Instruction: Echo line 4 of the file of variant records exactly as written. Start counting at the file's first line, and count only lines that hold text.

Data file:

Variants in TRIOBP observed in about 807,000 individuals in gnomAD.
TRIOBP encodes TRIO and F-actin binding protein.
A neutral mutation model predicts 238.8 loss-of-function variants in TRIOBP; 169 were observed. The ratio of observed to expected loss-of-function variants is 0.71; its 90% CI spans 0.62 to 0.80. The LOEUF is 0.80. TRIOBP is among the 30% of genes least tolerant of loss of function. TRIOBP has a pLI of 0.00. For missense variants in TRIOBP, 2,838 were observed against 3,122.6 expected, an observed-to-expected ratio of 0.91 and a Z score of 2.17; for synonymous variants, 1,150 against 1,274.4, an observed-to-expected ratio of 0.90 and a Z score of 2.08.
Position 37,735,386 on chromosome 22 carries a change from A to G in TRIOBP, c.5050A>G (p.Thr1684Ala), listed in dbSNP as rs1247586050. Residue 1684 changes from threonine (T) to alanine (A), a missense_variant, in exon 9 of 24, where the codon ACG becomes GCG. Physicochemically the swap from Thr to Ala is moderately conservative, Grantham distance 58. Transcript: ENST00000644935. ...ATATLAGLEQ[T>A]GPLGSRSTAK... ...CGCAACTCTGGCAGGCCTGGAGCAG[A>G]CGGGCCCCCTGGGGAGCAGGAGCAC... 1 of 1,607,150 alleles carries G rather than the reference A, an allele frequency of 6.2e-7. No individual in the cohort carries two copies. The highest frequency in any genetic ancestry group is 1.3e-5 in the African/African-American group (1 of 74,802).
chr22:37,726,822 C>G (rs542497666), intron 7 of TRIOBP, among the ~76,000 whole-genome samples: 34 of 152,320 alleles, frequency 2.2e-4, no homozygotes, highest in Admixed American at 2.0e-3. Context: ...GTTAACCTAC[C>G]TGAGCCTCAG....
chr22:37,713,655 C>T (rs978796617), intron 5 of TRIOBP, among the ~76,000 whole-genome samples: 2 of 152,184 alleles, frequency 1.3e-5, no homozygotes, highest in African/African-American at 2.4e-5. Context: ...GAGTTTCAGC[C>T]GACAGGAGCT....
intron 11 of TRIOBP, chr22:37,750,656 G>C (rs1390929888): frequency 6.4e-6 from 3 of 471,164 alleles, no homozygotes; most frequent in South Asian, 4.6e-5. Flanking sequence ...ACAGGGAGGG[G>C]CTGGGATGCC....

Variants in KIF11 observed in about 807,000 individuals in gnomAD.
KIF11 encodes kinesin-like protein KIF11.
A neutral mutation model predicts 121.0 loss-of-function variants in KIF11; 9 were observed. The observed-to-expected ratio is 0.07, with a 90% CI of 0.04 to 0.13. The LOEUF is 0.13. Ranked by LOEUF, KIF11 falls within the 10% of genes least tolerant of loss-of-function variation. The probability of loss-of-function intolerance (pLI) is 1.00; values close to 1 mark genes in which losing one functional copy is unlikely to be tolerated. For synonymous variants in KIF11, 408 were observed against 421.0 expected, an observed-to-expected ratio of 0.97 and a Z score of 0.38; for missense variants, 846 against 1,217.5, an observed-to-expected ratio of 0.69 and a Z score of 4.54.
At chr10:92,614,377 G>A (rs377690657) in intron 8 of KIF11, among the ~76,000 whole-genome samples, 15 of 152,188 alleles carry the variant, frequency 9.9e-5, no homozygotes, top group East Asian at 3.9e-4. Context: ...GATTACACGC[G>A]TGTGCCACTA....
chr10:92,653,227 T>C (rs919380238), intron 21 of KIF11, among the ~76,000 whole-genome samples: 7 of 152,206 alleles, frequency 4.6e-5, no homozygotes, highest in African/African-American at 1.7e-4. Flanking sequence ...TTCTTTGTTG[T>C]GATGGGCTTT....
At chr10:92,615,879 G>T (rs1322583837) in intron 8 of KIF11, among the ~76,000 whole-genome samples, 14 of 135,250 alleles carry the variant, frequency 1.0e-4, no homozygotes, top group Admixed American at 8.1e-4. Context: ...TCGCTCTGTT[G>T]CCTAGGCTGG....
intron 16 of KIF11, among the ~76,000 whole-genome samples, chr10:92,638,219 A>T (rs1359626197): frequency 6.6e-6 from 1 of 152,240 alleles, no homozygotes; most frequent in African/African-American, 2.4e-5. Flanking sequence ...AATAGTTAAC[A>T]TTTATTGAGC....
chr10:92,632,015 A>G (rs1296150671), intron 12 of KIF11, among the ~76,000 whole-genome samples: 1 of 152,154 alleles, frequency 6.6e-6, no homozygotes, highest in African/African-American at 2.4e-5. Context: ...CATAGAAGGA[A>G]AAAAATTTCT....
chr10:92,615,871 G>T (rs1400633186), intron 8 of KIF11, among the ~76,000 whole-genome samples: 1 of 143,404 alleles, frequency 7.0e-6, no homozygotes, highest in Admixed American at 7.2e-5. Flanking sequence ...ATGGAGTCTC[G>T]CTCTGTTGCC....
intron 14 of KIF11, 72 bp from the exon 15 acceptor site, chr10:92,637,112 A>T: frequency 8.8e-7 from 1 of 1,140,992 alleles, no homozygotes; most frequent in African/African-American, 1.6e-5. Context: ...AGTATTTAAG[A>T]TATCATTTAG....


Position 37,735,386 on chromosome 22 carries a change from A to G in TRIOBP, c.5050A>G (p.Thr1684Ala), listed in dbSNP as rs1247586050. Residue 1684 changes from threonine (T) to alanine (A), a missense_variant, in exon 9 of 24, where the codon ACG becomes GCG. Physicochemically the swap from Thr to Ala is moderately conservative, Grantham distance 58. Transcript: ENST00000644935. ...ATATLAGLEQ[T>A]GPLGSRSTAK... ...CGCAACTCTGGCAGGCCTGGAGCAG[A>G]CGGGCCCCCTGGGGAGCAGGAGCAC... 1 of 1,607,150 alleles carries G rather than the reference A, an allele frequency of 6.2e-7. No individual in the cohort carries two copies. The highest frequency in any genetic ancestry group is 1.3e-5 in the African/African-American group (1 of 74,802).